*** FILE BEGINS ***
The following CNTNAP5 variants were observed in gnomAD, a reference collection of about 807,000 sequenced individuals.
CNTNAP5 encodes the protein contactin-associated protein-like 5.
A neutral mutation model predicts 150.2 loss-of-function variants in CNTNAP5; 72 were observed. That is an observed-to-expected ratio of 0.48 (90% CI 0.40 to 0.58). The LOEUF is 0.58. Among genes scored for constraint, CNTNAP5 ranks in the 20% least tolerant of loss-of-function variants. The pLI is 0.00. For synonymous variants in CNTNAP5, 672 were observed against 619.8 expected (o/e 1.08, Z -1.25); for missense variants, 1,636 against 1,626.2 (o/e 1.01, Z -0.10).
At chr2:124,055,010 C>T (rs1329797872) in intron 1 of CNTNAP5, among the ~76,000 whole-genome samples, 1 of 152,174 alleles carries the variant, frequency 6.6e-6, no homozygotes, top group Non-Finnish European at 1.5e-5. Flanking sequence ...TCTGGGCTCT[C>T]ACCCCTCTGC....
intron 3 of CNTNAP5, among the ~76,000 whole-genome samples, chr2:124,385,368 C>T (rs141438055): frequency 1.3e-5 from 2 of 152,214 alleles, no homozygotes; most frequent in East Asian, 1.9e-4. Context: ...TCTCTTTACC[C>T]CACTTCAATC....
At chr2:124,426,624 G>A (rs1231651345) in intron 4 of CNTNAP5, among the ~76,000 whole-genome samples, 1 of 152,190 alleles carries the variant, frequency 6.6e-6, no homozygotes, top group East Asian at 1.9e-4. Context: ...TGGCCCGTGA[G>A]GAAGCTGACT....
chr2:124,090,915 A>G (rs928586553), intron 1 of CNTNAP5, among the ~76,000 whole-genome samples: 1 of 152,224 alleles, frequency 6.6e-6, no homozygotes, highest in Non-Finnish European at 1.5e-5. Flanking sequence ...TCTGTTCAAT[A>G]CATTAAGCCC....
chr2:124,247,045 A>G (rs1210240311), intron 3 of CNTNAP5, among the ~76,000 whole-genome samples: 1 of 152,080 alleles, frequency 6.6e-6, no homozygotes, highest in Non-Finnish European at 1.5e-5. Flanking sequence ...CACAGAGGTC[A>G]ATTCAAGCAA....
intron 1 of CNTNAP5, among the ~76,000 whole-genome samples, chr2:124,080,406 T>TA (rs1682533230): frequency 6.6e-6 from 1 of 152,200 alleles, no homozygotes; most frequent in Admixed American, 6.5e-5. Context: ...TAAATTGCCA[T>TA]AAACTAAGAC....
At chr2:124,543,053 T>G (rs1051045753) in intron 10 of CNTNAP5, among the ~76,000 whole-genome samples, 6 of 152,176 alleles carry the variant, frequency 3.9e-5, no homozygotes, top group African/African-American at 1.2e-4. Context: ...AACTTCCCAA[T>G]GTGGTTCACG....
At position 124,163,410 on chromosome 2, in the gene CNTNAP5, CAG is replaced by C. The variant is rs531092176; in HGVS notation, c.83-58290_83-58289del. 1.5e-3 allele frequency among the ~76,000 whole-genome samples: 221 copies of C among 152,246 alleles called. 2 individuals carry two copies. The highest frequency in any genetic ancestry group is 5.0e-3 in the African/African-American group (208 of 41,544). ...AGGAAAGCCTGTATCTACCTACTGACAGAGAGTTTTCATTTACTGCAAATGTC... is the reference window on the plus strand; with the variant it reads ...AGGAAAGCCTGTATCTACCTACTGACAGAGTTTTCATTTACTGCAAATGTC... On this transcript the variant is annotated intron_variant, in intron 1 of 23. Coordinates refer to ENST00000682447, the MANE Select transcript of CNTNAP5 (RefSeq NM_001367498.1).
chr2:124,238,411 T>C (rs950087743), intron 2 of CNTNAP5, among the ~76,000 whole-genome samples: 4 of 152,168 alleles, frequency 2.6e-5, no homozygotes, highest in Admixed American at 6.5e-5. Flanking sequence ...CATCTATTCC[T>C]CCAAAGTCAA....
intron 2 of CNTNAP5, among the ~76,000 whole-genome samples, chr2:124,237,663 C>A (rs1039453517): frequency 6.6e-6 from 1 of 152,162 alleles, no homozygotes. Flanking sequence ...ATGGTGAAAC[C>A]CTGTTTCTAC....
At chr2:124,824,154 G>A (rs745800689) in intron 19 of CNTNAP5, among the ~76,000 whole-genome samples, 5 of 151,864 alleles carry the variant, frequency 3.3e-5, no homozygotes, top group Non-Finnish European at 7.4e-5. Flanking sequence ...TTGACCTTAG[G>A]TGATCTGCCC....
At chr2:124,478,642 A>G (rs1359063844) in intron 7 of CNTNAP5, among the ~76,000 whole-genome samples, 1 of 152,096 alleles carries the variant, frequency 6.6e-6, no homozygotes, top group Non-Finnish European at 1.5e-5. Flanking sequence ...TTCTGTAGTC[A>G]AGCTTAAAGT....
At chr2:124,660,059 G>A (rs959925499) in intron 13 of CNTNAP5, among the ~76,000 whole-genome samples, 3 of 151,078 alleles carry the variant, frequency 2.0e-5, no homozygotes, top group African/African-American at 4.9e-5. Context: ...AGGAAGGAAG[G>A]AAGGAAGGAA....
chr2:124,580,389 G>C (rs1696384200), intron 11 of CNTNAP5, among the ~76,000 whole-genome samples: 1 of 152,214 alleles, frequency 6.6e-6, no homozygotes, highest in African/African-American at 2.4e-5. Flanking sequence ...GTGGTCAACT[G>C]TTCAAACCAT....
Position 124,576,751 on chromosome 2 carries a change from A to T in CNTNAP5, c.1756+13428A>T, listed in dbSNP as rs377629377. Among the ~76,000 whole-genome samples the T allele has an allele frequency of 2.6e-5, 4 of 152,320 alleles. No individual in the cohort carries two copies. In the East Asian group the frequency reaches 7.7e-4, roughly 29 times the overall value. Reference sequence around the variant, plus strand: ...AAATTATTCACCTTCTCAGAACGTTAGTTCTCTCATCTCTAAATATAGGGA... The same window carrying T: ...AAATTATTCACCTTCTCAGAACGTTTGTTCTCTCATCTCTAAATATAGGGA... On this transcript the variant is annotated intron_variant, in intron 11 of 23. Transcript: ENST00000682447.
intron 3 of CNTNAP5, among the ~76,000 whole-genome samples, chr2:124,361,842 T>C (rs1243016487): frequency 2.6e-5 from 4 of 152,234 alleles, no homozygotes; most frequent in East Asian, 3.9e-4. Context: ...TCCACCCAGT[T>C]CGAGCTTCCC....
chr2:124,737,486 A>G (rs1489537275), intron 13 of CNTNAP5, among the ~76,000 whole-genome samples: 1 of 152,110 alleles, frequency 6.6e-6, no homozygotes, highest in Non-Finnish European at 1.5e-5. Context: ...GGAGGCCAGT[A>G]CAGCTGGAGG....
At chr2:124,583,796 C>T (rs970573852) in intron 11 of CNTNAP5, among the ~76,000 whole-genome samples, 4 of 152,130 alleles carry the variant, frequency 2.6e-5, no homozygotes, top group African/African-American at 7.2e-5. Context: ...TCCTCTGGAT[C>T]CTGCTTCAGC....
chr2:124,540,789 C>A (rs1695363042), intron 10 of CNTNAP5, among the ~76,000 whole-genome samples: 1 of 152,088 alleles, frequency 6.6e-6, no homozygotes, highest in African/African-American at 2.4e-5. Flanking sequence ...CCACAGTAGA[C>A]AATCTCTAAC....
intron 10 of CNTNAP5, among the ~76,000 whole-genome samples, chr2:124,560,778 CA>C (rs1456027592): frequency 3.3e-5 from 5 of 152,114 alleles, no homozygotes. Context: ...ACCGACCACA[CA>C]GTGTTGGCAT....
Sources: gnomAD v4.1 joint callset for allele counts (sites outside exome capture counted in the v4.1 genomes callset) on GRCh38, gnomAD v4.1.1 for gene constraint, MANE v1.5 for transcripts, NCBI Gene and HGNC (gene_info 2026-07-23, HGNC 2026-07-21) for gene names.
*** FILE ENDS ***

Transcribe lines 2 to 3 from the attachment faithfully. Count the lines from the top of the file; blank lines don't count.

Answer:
CNTNAP5 encodes the protein contactin-associated protein-like 5.
A neutral mutation model predicts 150.2 loss-of-function variants in CNTNAP5; 72 were observed. That is an observed-to-expected ratio of 0.48 (90% CI 0.40 to 0.58). The LOEUF is 0.58. Among genes scored for constraint, CNTNAP5 ranks in the 20% least tolerant of loss-of-function variants. The pLI is 0.00. For synonymous variants in CNTNAP5, 672 were observed against 619.8 expected (o/e 1.08, Z -1.25); for missense variants, 1,636 against 1,626.2 (o/e 1.01, Z -0.10).